Are your Bose headphones spying on you?

A man in the US is worried that his listening habits are being passed on to third parties...

Headphone and speaker maker Bose has been accused of spying on its customers and sharing their listening habits with third parties.

A lawsuit worth over $5 million filed in Chicago this week makes the case that the Boston-based audio company has been violating not only the US WireTap Act but a number of state privacy laws, Fortune reports.

Lead plaintiff Kyle Zak claims that, having downloaded the Bose Connect app and given information such as his name, phone number and email in the process, a detailed profile of his listening history and habits was then shared with marketing companies.

One firm named in the case is San Francisco's Segment, which advertises itself online as providing a service where they can "collect all of your customer data and send it anywhere".

While the amount in damages he is seeking isn't specified, Mr Zak is looking to represent and defend other headphone owners over this alleged illegal data mining.

The complaint states:

"Indeed, one’s personal audio selections – including music, radio broadcast, podcast, and lecture choices – provide an incredible amount of insight into his or her personality, behavior, political views, and personal identity."

It goes on to note that a person's audio history could contain everything from LGBT podcasts to Muslim call-to-prayer recordings.

Mr Zak's lawyers are seeking an injunctive relief to prevent Bose from collecting and distributing data.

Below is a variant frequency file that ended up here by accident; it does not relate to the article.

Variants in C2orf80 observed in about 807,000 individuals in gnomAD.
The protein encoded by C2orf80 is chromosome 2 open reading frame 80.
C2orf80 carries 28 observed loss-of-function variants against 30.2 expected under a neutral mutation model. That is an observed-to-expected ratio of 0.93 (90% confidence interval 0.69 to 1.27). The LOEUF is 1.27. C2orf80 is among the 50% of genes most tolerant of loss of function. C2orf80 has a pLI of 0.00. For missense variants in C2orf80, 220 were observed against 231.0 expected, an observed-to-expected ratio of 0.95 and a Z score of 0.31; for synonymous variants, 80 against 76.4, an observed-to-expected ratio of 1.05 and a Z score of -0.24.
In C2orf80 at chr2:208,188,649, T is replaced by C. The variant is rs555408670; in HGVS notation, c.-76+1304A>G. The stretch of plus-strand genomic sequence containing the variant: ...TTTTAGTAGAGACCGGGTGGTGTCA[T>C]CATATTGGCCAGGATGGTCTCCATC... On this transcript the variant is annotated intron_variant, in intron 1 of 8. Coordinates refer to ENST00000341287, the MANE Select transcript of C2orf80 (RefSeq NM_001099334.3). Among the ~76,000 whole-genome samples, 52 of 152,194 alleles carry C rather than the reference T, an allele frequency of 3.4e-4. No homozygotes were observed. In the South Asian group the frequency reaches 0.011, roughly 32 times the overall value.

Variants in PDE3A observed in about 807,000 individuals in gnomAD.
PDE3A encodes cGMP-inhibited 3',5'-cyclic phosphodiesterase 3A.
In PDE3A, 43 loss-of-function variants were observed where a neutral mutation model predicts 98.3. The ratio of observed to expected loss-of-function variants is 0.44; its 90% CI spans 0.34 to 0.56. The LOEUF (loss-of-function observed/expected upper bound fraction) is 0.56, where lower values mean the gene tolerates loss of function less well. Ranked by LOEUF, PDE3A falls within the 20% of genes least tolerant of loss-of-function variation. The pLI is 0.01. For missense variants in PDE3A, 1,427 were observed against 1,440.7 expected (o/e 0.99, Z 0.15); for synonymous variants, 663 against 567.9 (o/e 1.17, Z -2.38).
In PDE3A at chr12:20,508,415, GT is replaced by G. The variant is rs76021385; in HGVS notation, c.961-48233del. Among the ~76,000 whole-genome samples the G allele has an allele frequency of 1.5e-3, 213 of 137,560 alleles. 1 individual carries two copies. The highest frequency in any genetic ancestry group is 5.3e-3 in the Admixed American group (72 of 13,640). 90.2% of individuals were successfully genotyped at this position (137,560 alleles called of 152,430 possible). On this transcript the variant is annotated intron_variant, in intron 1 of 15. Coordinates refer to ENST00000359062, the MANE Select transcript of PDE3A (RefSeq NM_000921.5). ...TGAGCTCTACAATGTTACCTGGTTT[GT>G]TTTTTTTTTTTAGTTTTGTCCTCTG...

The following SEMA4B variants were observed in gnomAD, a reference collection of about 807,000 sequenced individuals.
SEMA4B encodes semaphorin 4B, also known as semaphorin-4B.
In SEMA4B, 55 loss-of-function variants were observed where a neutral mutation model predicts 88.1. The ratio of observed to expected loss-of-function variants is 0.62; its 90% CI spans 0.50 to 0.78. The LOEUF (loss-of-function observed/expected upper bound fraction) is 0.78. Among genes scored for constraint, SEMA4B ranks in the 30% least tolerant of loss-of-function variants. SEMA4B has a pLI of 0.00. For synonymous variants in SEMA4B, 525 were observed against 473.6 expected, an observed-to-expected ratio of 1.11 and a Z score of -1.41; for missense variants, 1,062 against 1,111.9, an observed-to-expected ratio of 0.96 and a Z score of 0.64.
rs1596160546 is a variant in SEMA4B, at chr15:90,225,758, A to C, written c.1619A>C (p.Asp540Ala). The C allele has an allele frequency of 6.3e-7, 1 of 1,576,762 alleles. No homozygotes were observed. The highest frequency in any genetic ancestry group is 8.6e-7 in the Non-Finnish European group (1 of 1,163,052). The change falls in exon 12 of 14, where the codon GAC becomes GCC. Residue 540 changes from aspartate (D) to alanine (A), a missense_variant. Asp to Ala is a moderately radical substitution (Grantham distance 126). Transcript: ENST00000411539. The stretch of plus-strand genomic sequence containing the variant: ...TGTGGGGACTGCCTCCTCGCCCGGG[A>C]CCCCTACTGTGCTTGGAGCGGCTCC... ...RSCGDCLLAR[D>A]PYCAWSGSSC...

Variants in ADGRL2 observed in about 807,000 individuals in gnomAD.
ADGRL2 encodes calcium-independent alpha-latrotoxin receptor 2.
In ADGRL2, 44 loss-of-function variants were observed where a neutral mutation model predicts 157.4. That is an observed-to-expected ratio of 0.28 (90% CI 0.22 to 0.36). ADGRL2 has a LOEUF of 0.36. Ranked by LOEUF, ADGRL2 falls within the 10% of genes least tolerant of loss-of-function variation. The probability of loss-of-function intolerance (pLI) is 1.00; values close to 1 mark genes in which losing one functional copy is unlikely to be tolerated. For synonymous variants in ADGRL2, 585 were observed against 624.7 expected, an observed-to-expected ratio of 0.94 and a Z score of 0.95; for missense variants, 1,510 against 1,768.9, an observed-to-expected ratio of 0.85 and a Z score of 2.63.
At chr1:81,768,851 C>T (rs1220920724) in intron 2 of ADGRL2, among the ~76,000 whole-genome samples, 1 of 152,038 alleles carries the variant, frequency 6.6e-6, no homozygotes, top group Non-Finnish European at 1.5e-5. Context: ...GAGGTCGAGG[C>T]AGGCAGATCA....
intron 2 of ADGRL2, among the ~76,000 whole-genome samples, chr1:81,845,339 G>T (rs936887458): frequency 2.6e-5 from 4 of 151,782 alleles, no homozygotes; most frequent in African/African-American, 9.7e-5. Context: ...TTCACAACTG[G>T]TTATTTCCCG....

Along with his QuietComfort 35 headphones, other Bose products cited by the complaint include the SoundSport Wireless, Sound Sport Pulse Wireless, QuietControl 30, SoundLink Around-Ear Wireless Headphones II, and SoundLink Color II.

Consumers can use these products without Bose Connect, though the app offers them a greater range of features – Bose itself recommends downloading it so you can "get the most out of your headphones".

In other recent US data privacy news, the House of Representatives approved legislation in March that will allow internet service providers to sell information about their customers to advertisers and other third parties. This includes their web browsing histories. 

The legislation had passed through the Republican-controlled Senate and was subsequently signed into law by US President Donald Trump.

Many representatives took to the floor to raise their objections. Californian congresswoman Anna Eshoo had argued: 

"They can use your information and sell it to the highest bidder. I think it’s a sad day if the bill passes."

news cards